Q: After what period is my federal tax return safe from audit? A: Generally, the time-frame within which the IRS can examine a federal tax return you have filed is three years. To be more specific, Code Sec. 6501 states that the IRS has three years from the later of the deadline for filing the return (usually April 15th for individuals) or, if later, the date you actually filed the return on a requested filing extension or otherwise. This means that if you file your 2014 return on July 10, 2015, the IRS will have until July 10, 2018 to look at it and "assess a deficiency;" not April 15, 2018.


The closely-held corporate form of entity is widely used by family-owned businesses. As its name implies, the owners of the business are typically limited to a small group of shareholders. Many businesses operate for years as closely-held corporations without giving a second thought to a little-known danger: the personal holding company tax.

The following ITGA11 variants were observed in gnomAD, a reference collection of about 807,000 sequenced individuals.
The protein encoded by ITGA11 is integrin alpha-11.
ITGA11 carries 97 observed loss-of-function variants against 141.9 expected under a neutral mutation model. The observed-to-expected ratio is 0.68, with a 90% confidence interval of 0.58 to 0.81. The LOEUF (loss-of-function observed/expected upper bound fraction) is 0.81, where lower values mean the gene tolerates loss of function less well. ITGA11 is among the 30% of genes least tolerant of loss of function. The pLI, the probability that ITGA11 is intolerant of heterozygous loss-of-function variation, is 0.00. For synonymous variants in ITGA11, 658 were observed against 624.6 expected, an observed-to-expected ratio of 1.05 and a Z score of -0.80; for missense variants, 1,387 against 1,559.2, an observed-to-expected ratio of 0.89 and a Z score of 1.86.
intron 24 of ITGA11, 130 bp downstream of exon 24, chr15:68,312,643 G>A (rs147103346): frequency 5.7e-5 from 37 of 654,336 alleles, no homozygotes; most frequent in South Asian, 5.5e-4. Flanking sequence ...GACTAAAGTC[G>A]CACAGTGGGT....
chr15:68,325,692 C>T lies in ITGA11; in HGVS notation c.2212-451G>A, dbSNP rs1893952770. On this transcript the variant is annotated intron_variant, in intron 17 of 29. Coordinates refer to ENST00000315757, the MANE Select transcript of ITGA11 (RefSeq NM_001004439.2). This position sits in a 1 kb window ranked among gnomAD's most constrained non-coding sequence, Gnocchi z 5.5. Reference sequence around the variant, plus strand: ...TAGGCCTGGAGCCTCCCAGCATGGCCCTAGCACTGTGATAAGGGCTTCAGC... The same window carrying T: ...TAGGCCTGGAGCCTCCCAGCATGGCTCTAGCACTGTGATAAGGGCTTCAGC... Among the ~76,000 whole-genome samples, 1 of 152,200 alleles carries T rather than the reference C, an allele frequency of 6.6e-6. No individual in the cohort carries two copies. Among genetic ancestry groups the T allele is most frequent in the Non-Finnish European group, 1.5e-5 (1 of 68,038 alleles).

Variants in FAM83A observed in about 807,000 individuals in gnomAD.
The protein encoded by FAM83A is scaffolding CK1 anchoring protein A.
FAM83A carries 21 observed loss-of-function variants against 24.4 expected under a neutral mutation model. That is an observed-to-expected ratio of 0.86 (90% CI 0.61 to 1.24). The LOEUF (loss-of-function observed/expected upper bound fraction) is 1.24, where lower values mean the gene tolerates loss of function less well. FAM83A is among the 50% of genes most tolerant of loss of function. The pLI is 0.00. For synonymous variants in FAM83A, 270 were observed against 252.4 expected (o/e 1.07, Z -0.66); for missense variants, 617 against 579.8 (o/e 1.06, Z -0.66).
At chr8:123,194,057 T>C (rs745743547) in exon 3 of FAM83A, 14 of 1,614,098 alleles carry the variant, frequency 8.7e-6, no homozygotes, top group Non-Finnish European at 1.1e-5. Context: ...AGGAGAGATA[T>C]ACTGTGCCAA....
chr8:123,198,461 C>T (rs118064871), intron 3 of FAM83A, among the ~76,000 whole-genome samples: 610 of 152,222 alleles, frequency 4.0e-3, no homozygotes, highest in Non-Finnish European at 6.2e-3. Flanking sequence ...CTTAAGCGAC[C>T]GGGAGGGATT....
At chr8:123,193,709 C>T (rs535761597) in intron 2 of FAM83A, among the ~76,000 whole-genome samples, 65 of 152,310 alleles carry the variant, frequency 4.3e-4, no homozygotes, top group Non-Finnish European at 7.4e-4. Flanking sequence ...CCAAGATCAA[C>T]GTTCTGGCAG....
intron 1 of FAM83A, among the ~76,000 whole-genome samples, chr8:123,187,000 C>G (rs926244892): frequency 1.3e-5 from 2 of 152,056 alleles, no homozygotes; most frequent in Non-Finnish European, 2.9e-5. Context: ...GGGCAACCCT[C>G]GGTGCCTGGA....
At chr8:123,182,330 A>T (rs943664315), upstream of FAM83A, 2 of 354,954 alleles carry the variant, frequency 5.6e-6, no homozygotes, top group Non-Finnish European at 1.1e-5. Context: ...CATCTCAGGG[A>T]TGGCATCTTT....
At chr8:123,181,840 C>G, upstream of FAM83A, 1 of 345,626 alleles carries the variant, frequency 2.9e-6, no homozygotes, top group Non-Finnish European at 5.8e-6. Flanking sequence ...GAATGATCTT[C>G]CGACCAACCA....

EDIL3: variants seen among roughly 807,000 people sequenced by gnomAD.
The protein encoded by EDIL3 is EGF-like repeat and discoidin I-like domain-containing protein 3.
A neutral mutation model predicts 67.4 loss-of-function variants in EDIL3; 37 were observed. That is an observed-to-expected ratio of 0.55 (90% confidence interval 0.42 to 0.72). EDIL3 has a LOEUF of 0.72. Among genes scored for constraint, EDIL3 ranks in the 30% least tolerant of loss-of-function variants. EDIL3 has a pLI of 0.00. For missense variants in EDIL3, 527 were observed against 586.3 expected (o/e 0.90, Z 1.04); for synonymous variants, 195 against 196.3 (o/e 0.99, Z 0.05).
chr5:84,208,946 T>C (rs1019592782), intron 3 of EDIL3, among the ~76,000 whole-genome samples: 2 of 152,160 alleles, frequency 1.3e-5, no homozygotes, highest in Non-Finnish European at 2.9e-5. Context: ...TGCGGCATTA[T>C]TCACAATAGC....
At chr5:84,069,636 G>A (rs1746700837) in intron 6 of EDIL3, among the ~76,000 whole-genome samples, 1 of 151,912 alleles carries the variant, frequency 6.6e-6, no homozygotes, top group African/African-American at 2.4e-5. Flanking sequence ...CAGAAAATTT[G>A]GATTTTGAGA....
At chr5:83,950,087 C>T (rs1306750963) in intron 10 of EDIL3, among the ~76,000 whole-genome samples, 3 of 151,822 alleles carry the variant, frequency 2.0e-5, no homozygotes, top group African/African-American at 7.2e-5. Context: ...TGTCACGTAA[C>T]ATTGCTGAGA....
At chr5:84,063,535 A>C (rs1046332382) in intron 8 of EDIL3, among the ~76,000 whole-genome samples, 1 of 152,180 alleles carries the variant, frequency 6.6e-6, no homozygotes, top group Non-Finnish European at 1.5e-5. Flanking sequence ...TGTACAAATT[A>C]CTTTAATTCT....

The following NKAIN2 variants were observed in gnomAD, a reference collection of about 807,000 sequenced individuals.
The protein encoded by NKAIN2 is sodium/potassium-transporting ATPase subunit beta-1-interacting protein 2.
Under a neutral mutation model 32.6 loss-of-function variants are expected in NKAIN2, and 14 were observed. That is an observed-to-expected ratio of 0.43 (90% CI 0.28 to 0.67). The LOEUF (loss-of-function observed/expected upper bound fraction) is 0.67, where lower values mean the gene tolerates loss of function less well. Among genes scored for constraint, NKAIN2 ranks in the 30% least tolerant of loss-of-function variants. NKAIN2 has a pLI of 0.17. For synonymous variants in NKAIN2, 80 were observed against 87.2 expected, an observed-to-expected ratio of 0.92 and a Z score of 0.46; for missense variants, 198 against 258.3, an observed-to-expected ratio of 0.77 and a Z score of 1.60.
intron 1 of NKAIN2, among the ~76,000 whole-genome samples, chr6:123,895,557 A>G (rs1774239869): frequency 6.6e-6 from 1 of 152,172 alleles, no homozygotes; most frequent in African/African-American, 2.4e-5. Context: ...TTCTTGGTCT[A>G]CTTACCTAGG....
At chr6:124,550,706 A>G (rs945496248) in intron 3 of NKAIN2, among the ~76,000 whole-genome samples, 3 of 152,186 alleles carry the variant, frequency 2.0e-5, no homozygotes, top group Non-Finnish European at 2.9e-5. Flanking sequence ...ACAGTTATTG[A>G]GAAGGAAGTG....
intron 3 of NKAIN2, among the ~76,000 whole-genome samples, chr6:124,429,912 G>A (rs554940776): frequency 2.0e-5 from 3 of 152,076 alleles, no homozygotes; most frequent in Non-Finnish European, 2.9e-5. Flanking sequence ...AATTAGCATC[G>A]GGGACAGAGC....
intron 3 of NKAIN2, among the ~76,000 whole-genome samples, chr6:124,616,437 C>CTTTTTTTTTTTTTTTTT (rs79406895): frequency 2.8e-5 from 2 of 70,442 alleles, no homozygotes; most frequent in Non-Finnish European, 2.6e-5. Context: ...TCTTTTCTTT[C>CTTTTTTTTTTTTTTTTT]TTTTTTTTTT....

Many people are surprised to learn that some "luxury" items can be deductible business expenses. Of course, moderation is key. Excessive spending is sure to attract the IRS's attention. As some recent high-profile court cases have shown, the government isn't timid in its crackdown on business owners using company funds for personal travel and entertainment.

Whether a parent who employs his or her child in a family business must withhold FICA and pay FUTA taxes will depend on the age of the teenager, the amount of income the teenager earns and the type of business.

Owning a vacation home is a common dream that many people share...a special place to get away from the weekday routine, relax and maybe, after you retire, a new place to call home.